We preregistered our hypothesis, study design, and analytic plan (https://osf.io/9yvd4/, ref. 16), and worked with the Character Lab Research Network to recruit a large sample (n = 1,982) of students attending 7 diverse public high schools in the United States. For full details on our participant sample, see the web appendix (https://osf.io/b73td/, ref. 17). Using a longitudinal experimental design, we randomized students to give academic advice to younger students (ntreatment = 985) or to a control condition (ncontrol = 997). We hypothesized that giving advice would improve advisors’ grades in 2 courses—first, in a target academic course in which the student most “want[ed] to improve.” Since advice giving is a motivational intervention, we expected it to be effective in the course in which the student was most motivated. The second course was math. Math is anxiety-provoking for many students (18). In other words, it is a subject in which many students lack confidence. Since we expected advice giving to motivate achievement by raising confidence, we anticipated the intervention would also be especially beneficial in this subject. We examined the effect of advice giving on grades because grades, more than other outcomes (e.g., standardized achievement test scores), are influenced by student effort (19, 20).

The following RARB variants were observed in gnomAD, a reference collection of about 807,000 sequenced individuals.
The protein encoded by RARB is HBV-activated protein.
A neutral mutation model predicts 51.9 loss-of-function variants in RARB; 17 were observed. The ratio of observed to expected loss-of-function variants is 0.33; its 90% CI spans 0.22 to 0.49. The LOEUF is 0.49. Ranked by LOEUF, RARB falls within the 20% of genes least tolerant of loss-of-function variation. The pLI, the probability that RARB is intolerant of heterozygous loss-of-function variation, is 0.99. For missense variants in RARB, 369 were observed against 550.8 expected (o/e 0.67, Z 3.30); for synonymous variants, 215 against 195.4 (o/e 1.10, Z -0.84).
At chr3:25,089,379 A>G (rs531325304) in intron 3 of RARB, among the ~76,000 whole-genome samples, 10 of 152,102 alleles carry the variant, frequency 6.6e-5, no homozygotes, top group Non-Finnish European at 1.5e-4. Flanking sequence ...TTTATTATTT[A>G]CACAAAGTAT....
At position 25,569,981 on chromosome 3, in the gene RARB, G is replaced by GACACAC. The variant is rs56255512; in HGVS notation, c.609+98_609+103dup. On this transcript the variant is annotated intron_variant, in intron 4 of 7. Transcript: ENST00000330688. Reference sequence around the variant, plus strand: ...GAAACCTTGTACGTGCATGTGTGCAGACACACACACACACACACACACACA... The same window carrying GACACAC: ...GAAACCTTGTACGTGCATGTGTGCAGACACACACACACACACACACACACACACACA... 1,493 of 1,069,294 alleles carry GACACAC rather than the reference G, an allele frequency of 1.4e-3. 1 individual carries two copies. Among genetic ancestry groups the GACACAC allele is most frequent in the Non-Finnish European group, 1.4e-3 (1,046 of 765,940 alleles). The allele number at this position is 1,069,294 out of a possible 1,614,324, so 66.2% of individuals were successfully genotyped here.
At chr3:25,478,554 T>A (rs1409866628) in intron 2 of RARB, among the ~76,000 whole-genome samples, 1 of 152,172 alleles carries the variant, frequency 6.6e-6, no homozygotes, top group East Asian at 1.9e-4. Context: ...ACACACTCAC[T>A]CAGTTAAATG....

Teachers brought students to a school computer laboratory at the start of the third academic quarter (January 2018) and explained that they would be participating in online activities “as part of a special project to help improve educational practices.” Students identified a target class in which they most hoped to improve their performance. Next, they were randomly assigned to an advice-giving condition or a control condition.*
The advice-giving activity, which took an average of 8 min to complete, prompted participants to advise younger students. Specifically, participants completed 14 open-ended and multiple-choice questions in which they gave advice on optimal study locations and study strategies. Finally, participants wrote a motivational letter to an anonymous younger student who was “hoping to do better in school.” At the conclusion of this activity, students completed a battery of self-report measures and a behavioral task. Control participants also completed this battery of measures and the behavioral task, but did not give advice. (See web appendix for complete materials for both conditions.) At the end of the school year, grades and demographic information were collected from official school records.

Results and Discussion

All data and materials are available on Open Science Framework (https://osf.io/b73td/, ref. 17).
As described in our preregistered analysis plan, we analyzed third-quarter target and math class grades (obtained from school records) using ordinary least squares regressions and controlled for preintervention grades, ethnicity, grade level, gender, socioeconomic status, and school. Degrees of freedom varied slightly across analyses because some students had no target (11%) or math (7%) grade matches in official school records. Results were consistent when correcting for missing data in multiple ways (see web appendix).